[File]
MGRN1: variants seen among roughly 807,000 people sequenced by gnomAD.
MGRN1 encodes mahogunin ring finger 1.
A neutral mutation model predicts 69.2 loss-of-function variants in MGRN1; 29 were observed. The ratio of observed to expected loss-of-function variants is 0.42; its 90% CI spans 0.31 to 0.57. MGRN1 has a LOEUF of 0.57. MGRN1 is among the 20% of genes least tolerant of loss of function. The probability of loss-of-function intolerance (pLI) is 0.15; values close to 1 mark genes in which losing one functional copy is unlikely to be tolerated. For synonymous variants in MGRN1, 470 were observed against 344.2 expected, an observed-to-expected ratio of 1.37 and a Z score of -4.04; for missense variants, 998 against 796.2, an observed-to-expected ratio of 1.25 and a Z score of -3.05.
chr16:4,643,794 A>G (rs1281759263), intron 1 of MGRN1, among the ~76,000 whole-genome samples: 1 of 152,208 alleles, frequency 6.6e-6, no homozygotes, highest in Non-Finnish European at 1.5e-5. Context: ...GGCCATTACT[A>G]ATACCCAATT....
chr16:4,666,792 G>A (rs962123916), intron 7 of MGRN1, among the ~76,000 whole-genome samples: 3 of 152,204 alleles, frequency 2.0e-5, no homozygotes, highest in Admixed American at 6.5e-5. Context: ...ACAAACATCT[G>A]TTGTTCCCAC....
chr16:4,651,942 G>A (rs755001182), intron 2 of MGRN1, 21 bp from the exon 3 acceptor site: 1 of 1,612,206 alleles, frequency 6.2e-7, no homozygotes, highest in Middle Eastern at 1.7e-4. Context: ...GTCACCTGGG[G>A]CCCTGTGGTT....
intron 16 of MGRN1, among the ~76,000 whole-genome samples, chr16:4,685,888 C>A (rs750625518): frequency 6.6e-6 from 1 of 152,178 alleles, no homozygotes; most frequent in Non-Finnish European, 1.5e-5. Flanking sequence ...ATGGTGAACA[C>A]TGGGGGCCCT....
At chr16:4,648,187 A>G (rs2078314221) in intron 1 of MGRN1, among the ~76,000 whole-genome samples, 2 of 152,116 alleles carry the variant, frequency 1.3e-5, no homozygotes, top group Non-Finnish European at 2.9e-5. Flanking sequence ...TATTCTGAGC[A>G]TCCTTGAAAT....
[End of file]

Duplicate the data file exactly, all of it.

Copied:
MGRN1: variants seen among roughly 807,000 people sequenced by gnomAD.
MGRN1 encodes mahogunin ring finger 1.
A neutral mutation model predicts 69.2 loss-of-function variants in MGRN1; 29 were observed. The ratio of observed to expected loss-of-function variants is 0.42; its 90% CI spans 0.31 to 0.57. MGRN1 has a LOEUF of 0.57. MGRN1 is among the 20% of genes least tolerant of loss of function. The probability of loss-of-function intolerance (pLI) is 0.15; values close to 1 mark genes in which losing one functional copy is unlikely to be tolerated. For synonymous variants in MGRN1, 470 were observed against 344.2 expected, an observed-to-expected ratio of 1.37 and a Z score of -4.04; for missense variants, 998 against 796.2, an observed-to-expected ratio of 1.25 and a Z score of -3.05.
chr16:4,643,794 A>G (rs1281759263), intron 1 of MGRN1, among the ~76,000 whole-genome samples: 1 of 152,208 alleles, frequency 6.6e-6, no homozygotes, highest in Non-Finnish European at 1.5e-5. Context: ...GGCCATTACT[A>G]ATACCCAATT....
chr16:4,666,792 G>A (rs962123916), intron 7 of MGRN1, among the ~76,000 whole-genome samples: 3 of 152,204 alleles, frequency 2.0e-5, no homozygotes, highest in Admixed American at 6.5e-5. Context: ...ACAAACATCT[G>A]TTGTTCCCAC....
chr16:4,651,942 G>A (rs755001182), intron 2 of MGRN1, 21 bp from the exon 3 acceptor site: 1 of 1,612,206 alleles, frequency 6.2e-7, no homozygotes, highest in Middle Eastern at 1.7e-4. Context: ...GTCACCTGGG[G>A]CCCTGTGGTT....
intron 16 of MGRN1, among the ~76,000 whole-genome samples, chr16:4,685,888 C>A (rs750625518): frequency 6.6e-6 from 1 of 152,178 alleles, no homozygotes; most frequent in Non-Finnish European, 1.5e-5. Flanking sequence ...ATGGTGAACA[C>A]TGGGGGCCCT....
At chr16:4,648,187 A>G (rs2078314221) in intron 1 of MGRN1, among the ~76,000 whole-genome samples, 2 of 152,116 alleles carry the variant, frequency 1.3e-5, no homozygotes, top group Non-Finnish European at 2.9e-5. Flanking sequence ...TATTCTGAGC[A>G]TCCTTGAAAT....